Filing for Bankruptcy In Wisconsin—The Chapter 7 “Means Test” | Article

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Home 9 Articles 9 Filing for bankruptcy in Wisconsin—the Chapter 7 “means test”

Filing for bankruptcy in Wisconsin—the Chapter 7 “means test”

The car is old, the tires are worn and the transmission is beginning to make sounds that you know are not the sounds of a happy transmission. However, you also know that bankruptcy is a real possibility in your future. What do you do? Should you try and buy a better car now with whatever financing terms you can get? What are the results of taking on more debt just before filing for bankruptcy? Will you lose the car anyway if you do file for bankruptcy? All are good questions.

Meeting the means test

One of the first hurdles anyone filing for a Chapter 7 bankruptcy must face is the “means test,” which is intended to disqualify filers who have enough income from wiping out their debts. If your average income for the six months prior to filing bankruptcy is below the median income for Wisconsin, the means test is automatically met and you may quality for the Chapter 7 bankruptcy. If your average income is above Wisconsin’s median income, then a more detailed analysis of your income and expenses is made. For some expenses, the test uses national and local averages. For certain other expenses, however, actual expenses are used. A car payment is one of these expenses. If the car payment makes the difference between passing the means test or failing it, the trustee may argue that you abused the bankruptcy system to qualify when you otherwise would not have. It helps if you can prove that your old car was on its last leg.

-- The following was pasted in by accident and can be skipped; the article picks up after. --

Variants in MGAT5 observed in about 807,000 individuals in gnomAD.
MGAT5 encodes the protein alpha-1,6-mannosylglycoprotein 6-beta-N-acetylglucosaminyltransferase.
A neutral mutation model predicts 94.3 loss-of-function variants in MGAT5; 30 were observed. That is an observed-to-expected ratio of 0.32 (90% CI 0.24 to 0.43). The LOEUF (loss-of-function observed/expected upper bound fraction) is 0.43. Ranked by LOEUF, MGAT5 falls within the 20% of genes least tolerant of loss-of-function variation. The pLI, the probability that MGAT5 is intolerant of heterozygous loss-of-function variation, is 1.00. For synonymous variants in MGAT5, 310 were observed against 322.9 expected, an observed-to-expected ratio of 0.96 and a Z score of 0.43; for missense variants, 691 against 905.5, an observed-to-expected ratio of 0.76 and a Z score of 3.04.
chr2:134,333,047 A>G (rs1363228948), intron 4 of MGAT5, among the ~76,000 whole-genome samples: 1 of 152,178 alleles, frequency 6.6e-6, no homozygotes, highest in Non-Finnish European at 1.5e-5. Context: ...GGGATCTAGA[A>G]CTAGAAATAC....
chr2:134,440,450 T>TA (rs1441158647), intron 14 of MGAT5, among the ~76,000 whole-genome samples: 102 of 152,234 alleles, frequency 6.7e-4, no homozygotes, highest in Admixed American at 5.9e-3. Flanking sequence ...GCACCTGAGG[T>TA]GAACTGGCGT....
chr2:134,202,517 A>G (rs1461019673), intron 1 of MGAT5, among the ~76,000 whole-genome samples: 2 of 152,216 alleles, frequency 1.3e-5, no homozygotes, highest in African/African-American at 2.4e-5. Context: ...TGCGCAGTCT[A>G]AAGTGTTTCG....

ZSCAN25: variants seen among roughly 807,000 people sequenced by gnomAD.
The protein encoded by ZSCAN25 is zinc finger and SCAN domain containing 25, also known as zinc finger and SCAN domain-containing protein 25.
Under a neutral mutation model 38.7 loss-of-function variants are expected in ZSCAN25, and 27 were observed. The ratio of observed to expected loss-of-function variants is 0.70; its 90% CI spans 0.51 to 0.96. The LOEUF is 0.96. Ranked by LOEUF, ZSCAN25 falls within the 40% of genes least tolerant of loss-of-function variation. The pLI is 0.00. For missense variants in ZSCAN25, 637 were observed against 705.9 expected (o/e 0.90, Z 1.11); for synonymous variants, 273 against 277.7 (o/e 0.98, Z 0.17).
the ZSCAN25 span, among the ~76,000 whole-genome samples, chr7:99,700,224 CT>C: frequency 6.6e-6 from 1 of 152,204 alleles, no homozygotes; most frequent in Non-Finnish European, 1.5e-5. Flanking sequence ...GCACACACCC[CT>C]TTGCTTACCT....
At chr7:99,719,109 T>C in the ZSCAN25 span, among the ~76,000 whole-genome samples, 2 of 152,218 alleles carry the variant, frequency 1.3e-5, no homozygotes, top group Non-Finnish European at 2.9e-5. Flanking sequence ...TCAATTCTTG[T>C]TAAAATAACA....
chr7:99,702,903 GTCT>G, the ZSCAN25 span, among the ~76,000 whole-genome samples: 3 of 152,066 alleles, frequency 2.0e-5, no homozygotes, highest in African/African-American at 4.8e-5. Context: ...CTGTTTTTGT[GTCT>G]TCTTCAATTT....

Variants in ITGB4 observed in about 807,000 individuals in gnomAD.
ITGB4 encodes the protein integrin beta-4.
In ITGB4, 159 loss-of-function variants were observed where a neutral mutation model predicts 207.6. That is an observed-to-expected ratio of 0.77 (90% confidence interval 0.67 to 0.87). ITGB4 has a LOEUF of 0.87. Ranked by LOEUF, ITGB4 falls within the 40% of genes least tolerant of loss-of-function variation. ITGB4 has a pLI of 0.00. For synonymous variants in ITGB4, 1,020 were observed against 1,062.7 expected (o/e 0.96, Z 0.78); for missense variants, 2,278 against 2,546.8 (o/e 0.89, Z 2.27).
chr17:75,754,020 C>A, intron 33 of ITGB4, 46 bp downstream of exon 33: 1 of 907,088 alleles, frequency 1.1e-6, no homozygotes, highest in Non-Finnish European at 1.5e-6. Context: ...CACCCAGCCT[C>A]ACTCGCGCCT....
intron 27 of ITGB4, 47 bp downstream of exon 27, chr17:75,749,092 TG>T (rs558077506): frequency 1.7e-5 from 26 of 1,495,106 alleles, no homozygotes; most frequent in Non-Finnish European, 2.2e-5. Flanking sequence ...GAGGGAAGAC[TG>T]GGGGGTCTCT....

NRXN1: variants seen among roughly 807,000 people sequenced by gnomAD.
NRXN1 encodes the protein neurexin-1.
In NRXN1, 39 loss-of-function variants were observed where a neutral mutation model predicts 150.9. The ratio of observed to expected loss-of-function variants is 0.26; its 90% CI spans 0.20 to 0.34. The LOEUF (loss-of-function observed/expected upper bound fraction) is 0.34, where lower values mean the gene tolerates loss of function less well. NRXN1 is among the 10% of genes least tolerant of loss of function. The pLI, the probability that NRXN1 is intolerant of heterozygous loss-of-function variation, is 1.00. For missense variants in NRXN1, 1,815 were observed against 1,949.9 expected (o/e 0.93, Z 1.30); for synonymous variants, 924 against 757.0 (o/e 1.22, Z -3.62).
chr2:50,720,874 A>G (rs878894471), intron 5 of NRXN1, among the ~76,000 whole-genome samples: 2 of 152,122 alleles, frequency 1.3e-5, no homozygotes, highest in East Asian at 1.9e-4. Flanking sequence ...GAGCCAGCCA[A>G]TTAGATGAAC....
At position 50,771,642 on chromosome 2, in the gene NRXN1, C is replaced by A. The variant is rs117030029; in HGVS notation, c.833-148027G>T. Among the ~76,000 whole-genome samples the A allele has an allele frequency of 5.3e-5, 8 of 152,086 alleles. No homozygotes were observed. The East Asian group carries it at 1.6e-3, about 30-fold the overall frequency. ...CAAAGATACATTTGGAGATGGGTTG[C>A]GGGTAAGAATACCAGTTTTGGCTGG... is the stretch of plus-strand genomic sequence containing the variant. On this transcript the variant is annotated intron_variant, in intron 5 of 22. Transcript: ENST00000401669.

Exemptions that may apply

Assuming you get past the means test, then the question is whether you can keep the car or whether the trustee will take it to pay off creditors. Wisconsin’s motor vehicle and personal property exemptions may save the car from the trustee.

Seeking an attorney’s assistance

Navigating the intricacies of the Bankruptcy Code and the application of Wisconsin law can be daunting, even after the difficult decision to file for bankruptcy has been made. An experienced Wisconsin bankruptcy attorney can answer questions before you file and navigate the bankruptcy petition through the details of the bankruptcy process.